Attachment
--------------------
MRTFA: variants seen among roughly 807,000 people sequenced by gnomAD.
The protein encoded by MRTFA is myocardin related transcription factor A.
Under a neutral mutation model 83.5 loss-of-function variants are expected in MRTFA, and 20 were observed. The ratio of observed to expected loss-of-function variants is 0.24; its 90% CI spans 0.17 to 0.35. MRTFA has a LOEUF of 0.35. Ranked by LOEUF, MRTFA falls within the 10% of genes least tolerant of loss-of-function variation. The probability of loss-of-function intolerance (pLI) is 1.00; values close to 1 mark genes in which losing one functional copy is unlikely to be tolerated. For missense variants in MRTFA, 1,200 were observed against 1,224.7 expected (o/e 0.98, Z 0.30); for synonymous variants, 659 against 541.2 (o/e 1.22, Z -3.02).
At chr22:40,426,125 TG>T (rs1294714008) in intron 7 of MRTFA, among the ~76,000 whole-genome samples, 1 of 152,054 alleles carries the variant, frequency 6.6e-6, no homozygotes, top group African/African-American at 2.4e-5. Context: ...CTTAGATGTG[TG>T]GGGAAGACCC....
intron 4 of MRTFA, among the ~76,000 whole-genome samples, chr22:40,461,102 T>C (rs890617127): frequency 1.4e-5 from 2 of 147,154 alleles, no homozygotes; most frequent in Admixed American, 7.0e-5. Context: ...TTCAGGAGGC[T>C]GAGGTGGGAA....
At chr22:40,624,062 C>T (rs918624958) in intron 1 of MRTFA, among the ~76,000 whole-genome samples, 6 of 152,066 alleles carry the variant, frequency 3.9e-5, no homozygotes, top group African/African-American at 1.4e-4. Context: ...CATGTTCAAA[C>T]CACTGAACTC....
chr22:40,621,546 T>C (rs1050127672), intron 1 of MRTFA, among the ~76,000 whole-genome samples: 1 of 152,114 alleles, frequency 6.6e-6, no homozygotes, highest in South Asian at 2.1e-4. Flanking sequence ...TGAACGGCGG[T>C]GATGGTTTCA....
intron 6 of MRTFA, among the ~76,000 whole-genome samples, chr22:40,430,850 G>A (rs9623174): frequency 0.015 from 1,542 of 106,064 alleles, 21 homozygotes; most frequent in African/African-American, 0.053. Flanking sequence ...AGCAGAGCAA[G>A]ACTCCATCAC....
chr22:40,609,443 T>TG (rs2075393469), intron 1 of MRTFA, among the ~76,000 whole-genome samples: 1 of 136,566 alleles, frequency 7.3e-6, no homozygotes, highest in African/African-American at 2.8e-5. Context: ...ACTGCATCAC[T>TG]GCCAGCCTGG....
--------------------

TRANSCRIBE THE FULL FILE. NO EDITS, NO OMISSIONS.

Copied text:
MRTFA: variants seen among roughly 807,000 people sequenced by gnomAD.
The protein encoded by MRTFA is myocardin related transcription factor A.
Under a neutral mutation model 83.5 loss-of-function variants are expected in MRTFA, and 20 were observed. The ratio of observed to expected loss-of-function variants is 0.24; its 90% CI spans 0.17 to 0.35. MRTFA has a LOEUF of 0.35. Ranked by LOEUF, MRTFA falls within the 10% of genes least tolerant of loss-of-function variation. The probability of loss-of-function intolerance (pLI) is 1.00; values close to 1 mark genes in which losing one functional copy is unlikely to be tolerated. For missense variants in MRTFA, 1,200 were observed against 1,224.7 expected (o/e 0.98, Z 0.30); for synonymous variants, 659 against 541.2 (o/e 1.22, Z -3.02).
At chr22:40,426,125 TG>T (rs1294714008) in intron 7 of MRTFA, among the ~76,000 whole-genome samples, 1 of 152,054 alleles carries the variant, frequency 6.6e-6, no homozygotes, top group African/African-American at 2.4e-5. Context: ...CTTAGATGTG[TG>T]GGGAAGACCC....
intron 4 of MRTFA, among the ~76,000 whole-genome samples, chr22:40,461,102 T>C (rs890617127): frequency 1.4e-5 from 2 of 147,154 alleles, no homozygotes; most frequent in Admixed American, 7.0e-5. Context: ...TTCAGGAGGC[T>C]GAGGTGGGAA....
At chr22:40,624,062 C>T (rs918624958) in intron 1 of MRTFA, among the ~76,000 whole-genome samples, 6 of 152,066 alleles carry the variant, frequency 3.9e-5, no homozygotes, top group African/African-American at 1.4e-4. Context: ...CATGTTCAAA[C>T]CACTGAACTC....
chr22:40,621,546 T>C (rs1050127672), intron 1 of MRTFA, among the ~76,000 whole-genome samples: 1 of 152,114 alleles, frequency 6.6e-6, no homozygotes, highest in South Asian at 2.1e-4. Flanking sequence ...TGAACGGCGG[T>C]GATGGTTTCA....
intron 6 of MRTFA, among the ~76,000 whole-genome samples, chr22:40,430,850 G>A (rs9623174): frequency 0.015 from 1,542 of 106,064 alleles, 21 homozygotes; most frequent in African/African-American, 0.053. Flanking sequence ...AGCAGAGCAA[G>A]ACTCCATCAC....
chr22:40,609,443 T>TG (rs2075393469), intron 1 of MRTFA, among the ~76,000 whole-genome samples: 1 of 136,566 alleles, frequency 7.3e-6, no homozygotes, highest in African/African-American at 2.8e-5. Context: ...ACTGCATCAC[T>TG]GCCAGCCTGG....